Colorado Small Business Owner Highlight
Photo courtesy of Triston Dimery
Denver student Kamiya Willoughby is challenging preconceived notions about a popular type of food that is often construed as unhealthy and unsophisticated.
“Soul food is a legitimate cuisine, but most people see it as a snack or junk food that you can only eat every once in a while.” Kamiya said.
“It is such a classic American cuisine that deserves a spotlight and deserves a step away from the stereotypes,” added Tess Hurlbert, Kamiya’s fiancée and business partner.
During a series of three focus groups across the state of Colorado, Small Business Majority facilitated discussions with a variety of small business owners and self-employed workers to better understand their personal experiences that could inform policy conversations regarding Medicaid expansion, healthcare costs and coverage. These roundtable discussions occurred while COVID-19 dramatically impacted business and local economies. While the pandemic’s effect was often brought up by participants, this issue brief focuses on the broader impact of Medicaid expansion and of small business owners’ experiences and observations about Medicaid expansion and health insurance.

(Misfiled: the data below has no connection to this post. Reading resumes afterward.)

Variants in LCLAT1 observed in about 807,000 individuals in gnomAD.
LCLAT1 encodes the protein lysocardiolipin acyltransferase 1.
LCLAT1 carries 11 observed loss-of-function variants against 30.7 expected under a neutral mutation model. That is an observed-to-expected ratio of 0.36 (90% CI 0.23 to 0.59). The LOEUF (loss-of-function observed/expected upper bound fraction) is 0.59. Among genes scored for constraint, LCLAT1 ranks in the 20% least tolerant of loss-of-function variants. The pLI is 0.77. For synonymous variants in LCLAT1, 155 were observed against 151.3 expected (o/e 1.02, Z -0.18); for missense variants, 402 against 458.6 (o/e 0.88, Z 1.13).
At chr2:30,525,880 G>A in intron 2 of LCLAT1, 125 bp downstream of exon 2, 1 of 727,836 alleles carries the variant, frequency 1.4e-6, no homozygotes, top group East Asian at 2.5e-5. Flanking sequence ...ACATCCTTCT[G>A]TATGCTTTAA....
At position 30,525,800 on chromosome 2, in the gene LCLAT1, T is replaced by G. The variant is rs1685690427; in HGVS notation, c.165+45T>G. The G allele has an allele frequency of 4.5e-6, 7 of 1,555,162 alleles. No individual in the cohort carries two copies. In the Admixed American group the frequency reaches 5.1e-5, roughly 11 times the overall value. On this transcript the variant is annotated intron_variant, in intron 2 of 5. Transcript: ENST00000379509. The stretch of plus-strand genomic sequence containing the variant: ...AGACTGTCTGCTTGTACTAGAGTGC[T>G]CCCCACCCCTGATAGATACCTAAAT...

The Colorado state legislature is considering a bill that would make Colorado the seventh state in the country to establish a program guaranteeing access to paid leave to care for a newborn child or a sick family member. Small business owners and their employees are particularly affected by the current lack of access to paid family leave as many small businesses can’t afford to offer robust benefits, putting them at a disadvantage with their larger counterparts. Small business has been central to ongoing debates over the legislation, and new polling sheds light on their views on the proposal and their struggles to offer access to paid family and medical leave benefits.
On December 15, Small Business Majority released a new scientific opinion poll that found a majority of Colorado small businesses believe business owners should not be allowed to deny services to LGBT individuals based on the owner’s religious beliefs, including for wedding-related services.
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